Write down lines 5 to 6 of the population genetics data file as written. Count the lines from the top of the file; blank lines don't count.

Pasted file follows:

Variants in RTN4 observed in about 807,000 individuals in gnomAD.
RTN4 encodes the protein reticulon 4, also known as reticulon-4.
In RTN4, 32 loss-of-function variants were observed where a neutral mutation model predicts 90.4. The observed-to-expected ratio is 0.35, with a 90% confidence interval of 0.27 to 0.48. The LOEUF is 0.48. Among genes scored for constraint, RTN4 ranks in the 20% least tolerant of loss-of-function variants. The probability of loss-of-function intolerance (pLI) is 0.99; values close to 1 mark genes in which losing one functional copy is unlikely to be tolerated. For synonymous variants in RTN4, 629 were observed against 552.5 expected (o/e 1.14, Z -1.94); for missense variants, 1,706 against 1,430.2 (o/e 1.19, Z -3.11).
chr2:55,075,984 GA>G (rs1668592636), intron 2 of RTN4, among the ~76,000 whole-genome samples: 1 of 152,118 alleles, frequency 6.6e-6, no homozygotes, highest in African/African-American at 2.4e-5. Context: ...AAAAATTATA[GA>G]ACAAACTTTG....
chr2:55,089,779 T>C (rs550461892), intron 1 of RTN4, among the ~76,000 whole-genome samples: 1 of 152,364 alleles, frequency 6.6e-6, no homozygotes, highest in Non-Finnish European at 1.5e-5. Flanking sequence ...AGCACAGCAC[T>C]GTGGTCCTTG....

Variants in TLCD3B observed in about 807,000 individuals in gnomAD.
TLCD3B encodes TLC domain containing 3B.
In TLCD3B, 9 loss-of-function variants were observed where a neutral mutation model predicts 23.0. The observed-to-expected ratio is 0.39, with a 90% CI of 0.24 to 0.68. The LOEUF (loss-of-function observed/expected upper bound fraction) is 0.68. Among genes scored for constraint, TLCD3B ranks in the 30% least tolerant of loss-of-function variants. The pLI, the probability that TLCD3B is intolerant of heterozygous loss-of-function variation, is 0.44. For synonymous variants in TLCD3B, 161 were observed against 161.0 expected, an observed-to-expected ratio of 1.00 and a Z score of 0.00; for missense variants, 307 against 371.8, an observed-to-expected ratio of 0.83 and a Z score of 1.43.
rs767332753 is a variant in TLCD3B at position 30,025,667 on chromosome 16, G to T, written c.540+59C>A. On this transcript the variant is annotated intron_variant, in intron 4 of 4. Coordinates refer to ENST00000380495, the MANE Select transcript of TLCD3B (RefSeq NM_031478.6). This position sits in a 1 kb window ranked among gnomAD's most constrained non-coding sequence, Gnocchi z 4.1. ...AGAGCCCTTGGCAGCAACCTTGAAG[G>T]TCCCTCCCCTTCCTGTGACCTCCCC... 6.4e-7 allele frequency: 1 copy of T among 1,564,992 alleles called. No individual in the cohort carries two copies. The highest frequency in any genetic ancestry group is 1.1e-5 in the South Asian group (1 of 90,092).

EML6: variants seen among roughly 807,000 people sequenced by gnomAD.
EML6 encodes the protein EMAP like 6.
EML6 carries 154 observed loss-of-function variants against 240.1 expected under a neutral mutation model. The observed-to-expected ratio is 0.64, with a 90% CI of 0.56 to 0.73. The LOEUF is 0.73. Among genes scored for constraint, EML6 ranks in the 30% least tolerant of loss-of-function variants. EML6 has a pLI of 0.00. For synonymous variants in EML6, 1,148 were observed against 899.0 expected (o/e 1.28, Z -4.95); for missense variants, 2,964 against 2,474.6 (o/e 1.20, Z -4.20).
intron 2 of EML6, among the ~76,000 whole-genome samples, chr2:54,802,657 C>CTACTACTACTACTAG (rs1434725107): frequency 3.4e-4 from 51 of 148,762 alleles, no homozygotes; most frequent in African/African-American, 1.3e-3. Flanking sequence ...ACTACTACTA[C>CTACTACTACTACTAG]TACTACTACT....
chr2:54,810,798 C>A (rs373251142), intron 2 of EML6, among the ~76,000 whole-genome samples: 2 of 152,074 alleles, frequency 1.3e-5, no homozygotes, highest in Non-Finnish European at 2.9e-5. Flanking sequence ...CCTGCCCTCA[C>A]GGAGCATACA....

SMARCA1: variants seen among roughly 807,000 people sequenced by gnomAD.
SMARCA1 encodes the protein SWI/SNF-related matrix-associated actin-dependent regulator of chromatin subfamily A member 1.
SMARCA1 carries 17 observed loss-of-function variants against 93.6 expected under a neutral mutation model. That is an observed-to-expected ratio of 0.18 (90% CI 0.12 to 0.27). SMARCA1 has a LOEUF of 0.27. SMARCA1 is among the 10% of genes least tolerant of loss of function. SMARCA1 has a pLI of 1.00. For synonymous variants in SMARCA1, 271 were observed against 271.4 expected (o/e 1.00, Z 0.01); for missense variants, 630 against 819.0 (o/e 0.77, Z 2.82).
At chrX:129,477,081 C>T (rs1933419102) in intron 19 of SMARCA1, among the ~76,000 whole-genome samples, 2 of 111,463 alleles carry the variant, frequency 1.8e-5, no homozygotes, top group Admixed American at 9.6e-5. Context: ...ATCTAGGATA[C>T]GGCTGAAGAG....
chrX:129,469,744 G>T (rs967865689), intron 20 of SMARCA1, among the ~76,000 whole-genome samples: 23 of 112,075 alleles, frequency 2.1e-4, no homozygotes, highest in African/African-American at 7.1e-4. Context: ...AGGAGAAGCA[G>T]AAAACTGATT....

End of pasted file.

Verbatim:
chr2:55,089,779 T>C (rs550461892), intron 1 of RTN4, among the ~76,000 whole-genome samples: 1 of 152,364 alleles, frequency 6.6e-6, no homozygotes, highest in Non-Finnish European at 1.5e-5. Flanking sequence ...AGCACAGCAC[T>C]GTGGTCCTTG....

Variants in TLCD3B observed in about 807,000 individuals in gnomAD.